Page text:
What is true of France is true of Europe as a whole. What will follow this week's votes is unclear. But the French people may be securing for themselves, and others in Europe, an opportunity for fresh thought and action. Vive la France!
is editor of the Weekly Standard and chairman of the Project for the New
It Dies, C'est La Vie
The French vote today on whether to OK the European Union's draft constitution, and if they say no, as most opinion polls indicate, the document will be effectively killed. Big deal?
That one can even
ask such a question when constitutional matters are on the table is remarkable.
It also touches on the core problem with the proposed constitution: Both
supporters and critics are all over the map as to why or even if
it is important. With good reason. The new constitution will never
be great literature. It has 448 articles, in contrast with the U.S. Constitution's
seven. It drones on for hundreds of pages and is 4 inches thick in standard
type. Substantively, it is full of potential contradictions, the result
of everyone on Europe's political spectrum having had a say in its drafting.
a mere codification and streamlining of the existing EU order;
the foundation for a stronger, more cohesive union;
the death knell of nation-state sovereignty;
the imposition of a Franco-German social welfare system;
the establishment of an Anglo-American regime of hyper-capitalism.
The result is a draft constitution that few love, many fault and even fewer understand.
The foreign policy implications of a "no" vote in France are just as unclear. One account holds that if the French reject the constitution and thus block its adoption, a crisis of faith will spread throughout Europe as the great experiment in European integration comes to a halt. The most extreme analysis says that failure to move forward on the constitutional front will revive the dangerous nationalism of Europe's bloody past. This anxiety is way overblown. Europe is no longer a collection of nation-states but rather of liberal democracies, most of which are allied with each other and the United States.
The more sensible worry is that a French "no" will usher in a period of European introversion and declining interest in working with the U.S. on such matters as integrating Turkey or Ukraine into Europe. One of the constitution's features is a nonrotating EU president and foreign minister that, the pro-constitution argument goes, would provide the U.S. with a more effective partner on the world stage.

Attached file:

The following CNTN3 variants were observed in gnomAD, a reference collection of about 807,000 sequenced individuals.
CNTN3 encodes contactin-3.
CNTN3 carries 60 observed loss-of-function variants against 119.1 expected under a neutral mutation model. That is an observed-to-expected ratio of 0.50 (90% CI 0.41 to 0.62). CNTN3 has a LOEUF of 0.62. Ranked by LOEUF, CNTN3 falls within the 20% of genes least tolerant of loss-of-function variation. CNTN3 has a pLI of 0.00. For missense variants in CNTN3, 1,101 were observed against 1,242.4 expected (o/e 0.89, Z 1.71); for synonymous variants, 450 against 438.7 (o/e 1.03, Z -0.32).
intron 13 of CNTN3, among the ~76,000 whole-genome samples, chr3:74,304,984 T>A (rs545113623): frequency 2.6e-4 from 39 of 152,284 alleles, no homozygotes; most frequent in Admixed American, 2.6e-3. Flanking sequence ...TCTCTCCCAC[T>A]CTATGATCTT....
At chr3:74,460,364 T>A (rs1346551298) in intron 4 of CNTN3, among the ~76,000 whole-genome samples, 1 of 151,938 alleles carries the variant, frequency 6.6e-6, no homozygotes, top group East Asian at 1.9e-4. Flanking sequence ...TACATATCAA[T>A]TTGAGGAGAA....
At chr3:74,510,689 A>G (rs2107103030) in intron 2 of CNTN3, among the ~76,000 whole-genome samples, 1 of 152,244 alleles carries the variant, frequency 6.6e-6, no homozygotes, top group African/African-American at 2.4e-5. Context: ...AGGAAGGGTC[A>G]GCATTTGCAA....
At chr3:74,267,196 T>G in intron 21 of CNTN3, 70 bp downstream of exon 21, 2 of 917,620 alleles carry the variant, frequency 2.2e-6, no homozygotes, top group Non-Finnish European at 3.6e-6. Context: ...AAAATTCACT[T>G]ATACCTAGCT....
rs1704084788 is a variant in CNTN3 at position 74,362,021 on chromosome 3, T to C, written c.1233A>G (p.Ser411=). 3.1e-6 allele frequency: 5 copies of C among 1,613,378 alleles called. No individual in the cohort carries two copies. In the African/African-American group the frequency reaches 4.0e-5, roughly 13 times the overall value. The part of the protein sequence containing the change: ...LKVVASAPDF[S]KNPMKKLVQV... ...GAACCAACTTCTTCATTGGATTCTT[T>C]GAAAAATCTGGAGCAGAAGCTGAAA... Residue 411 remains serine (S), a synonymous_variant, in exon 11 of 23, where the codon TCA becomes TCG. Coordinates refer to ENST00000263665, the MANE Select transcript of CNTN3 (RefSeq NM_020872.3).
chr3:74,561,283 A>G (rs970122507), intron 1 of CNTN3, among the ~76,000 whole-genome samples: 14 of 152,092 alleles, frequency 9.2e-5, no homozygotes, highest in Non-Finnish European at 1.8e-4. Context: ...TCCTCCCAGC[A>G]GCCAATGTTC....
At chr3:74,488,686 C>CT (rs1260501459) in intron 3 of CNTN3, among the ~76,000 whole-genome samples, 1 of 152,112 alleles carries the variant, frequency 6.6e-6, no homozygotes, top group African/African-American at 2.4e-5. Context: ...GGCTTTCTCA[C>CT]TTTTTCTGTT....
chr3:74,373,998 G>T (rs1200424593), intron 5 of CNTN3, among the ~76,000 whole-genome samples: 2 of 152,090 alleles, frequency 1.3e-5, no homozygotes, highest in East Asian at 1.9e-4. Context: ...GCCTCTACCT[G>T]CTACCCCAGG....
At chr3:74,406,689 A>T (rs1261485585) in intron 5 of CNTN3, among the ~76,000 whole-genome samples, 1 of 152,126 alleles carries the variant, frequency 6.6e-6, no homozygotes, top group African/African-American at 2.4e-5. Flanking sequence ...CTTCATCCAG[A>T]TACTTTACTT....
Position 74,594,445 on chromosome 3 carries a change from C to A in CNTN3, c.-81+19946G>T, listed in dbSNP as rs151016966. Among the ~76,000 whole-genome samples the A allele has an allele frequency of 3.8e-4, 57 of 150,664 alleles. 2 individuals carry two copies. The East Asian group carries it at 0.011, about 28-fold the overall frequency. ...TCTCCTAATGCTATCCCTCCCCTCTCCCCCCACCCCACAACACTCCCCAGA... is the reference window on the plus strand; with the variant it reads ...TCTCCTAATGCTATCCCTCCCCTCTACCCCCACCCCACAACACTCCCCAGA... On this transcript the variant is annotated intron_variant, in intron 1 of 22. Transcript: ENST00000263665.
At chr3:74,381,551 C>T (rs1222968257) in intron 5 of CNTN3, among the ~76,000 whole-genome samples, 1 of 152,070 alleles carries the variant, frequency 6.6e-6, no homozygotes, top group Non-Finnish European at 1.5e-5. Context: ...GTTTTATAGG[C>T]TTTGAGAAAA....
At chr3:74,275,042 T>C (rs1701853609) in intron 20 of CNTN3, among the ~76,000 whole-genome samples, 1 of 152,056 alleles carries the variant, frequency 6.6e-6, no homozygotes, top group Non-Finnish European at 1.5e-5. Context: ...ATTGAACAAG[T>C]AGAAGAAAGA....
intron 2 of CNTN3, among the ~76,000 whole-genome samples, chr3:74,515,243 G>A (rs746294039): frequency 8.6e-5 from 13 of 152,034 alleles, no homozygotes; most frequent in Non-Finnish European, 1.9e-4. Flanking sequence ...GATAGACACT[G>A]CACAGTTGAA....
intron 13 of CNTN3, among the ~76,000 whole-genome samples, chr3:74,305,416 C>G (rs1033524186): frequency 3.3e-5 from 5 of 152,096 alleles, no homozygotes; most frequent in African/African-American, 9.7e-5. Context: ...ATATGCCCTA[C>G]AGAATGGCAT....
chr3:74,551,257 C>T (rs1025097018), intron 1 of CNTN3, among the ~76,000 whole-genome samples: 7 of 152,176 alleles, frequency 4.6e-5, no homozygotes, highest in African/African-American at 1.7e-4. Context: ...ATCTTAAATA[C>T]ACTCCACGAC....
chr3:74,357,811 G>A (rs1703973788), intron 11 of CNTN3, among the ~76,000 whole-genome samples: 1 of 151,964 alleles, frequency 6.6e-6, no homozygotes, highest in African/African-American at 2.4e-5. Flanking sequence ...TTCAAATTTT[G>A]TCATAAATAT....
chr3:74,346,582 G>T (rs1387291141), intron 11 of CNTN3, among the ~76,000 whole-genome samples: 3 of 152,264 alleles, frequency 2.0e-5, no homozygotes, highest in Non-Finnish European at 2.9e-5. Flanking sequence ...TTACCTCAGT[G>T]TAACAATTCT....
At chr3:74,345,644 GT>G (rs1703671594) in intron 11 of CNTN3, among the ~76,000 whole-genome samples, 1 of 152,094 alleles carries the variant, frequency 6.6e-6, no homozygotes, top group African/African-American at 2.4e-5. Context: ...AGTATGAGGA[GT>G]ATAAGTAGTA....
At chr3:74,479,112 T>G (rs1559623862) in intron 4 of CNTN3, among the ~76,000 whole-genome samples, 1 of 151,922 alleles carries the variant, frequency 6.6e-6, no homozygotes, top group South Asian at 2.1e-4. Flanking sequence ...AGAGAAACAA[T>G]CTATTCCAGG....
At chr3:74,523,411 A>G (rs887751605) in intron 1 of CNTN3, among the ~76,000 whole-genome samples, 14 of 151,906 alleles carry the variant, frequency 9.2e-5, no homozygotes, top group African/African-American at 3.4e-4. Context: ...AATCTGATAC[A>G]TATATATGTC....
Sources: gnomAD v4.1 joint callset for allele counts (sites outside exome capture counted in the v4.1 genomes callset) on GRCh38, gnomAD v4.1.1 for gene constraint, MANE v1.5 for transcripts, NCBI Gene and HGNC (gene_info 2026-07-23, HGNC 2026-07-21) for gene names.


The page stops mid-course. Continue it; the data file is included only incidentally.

It is unlikely, however, that the EU, even if the constitution goes down, would or could ignore Ukraine or Turkey for long. Turkey's prospects for EU membership would decline considerably if the French vote no, but that would require Brussels to redouble its outreach to Ankara to prevent an even greater crisis on Europe's rim. And although a new, streamlined foreign policy bureaucracy, a possibility under the proposed document, might make the EU a more coherent global actor, the new constitution would do little to change the underlying, consensus-driven process that marks key EU foreign policy decisions. The EU's might be the louder voice, but its words would be no different.
The Netherlands will vote on the constitution Wednesday, and polls show even less support for it there than in France. Meanwhile, upcoming votes in the Czech Republic, Poland, Denmark and, most important, Britain could result in additional nos.
But as longtime observers of Europe are fond of pointing out, European political elites have always found ways to keep their integration dreams moving along. They have done so by keeping their ultimate goal fuzzy while contending that any new arrangements would not fundamentally change the EU's character. There's a limit to that strategy. As German Foreign Minister Joschka Fischer said in a May 2000 speech, the contradiction between what the European Union had become (and would probably become) and the political arrangements that could give it democratic legitimacy was increasingly unsustainable. But the European elites that created the problem and that recently expanded the EU from 15 to 25 members without consulting the public have not found a way to write a constitution to solve it.
Commentators here and in France have belittled French opponents of the constitution as "know-nothings" partisans with exaggerated fears of immigration, globalization and Gaullist decline. There is some truth to that characterization. But these French "know-nothings" know something important: It matters whether citizens can control the government that controls them.
If the EU constitution goes down in flames, Europe's political elites would do well to remind themselves of that simple but profound point as they decide their next course.
Gary Schmitt is the executive director of the Project for the New American Century.